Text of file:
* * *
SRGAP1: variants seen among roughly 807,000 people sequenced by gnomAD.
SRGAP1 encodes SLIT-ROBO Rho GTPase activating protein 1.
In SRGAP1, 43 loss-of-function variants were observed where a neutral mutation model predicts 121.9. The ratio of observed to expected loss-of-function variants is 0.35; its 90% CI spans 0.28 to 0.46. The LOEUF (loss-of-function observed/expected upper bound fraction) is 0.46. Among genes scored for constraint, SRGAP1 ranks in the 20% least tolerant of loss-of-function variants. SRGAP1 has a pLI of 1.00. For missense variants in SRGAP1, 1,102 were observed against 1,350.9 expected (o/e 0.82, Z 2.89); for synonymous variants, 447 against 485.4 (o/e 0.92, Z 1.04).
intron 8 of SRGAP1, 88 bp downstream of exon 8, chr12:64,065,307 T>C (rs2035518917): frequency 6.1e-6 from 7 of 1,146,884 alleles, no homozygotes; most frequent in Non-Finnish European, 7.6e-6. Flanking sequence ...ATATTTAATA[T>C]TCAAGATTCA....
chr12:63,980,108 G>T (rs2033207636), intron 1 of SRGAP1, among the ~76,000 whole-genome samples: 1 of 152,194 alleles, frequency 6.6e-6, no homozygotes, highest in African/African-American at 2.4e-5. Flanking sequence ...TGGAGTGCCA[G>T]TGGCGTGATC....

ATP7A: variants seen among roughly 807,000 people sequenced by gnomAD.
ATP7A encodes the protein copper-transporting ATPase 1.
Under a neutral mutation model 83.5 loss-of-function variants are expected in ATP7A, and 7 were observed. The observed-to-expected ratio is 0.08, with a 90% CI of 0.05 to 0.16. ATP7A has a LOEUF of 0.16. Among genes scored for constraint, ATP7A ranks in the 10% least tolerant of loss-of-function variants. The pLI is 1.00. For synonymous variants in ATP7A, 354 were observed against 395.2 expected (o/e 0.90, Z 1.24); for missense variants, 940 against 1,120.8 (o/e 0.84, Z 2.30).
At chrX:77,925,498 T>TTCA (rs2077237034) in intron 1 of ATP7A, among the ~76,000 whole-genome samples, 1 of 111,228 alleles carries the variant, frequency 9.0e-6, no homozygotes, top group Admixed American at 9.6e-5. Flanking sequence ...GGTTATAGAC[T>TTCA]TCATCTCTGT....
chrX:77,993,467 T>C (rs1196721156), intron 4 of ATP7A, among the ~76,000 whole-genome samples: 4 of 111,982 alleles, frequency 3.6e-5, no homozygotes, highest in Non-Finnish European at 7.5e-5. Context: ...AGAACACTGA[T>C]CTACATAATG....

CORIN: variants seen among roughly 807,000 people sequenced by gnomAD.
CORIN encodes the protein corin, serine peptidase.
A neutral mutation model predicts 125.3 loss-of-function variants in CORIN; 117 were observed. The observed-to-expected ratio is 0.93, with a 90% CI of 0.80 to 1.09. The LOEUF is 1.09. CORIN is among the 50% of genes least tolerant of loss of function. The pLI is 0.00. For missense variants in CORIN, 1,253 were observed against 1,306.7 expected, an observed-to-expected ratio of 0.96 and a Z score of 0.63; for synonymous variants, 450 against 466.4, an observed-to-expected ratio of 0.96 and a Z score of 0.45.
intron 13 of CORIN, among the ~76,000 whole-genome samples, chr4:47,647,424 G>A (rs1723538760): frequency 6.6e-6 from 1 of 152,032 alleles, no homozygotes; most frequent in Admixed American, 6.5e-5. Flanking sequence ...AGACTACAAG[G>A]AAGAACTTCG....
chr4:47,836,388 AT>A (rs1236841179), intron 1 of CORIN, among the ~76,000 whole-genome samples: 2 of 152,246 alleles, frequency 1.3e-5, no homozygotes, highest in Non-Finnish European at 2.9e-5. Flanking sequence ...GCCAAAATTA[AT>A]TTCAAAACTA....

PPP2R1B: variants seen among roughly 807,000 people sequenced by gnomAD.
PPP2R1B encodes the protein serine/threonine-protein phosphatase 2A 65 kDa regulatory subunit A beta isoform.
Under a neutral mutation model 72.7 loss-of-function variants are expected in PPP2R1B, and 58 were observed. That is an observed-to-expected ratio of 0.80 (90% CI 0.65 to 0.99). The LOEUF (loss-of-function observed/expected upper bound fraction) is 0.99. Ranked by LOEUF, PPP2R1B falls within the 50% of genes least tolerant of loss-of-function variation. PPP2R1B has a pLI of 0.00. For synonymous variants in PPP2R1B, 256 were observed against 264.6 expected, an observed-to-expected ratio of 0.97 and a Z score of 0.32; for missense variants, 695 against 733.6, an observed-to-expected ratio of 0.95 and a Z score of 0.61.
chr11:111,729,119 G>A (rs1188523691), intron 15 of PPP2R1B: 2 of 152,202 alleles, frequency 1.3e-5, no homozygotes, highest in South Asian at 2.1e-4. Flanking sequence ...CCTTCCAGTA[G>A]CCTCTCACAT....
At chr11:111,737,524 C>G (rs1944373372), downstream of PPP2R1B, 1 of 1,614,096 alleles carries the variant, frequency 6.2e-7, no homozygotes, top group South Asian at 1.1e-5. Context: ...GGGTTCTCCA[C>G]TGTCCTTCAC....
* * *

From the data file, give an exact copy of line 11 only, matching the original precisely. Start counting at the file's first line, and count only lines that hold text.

CORIN: variants seen among roughly 807,000 people sequenced by gnomAD.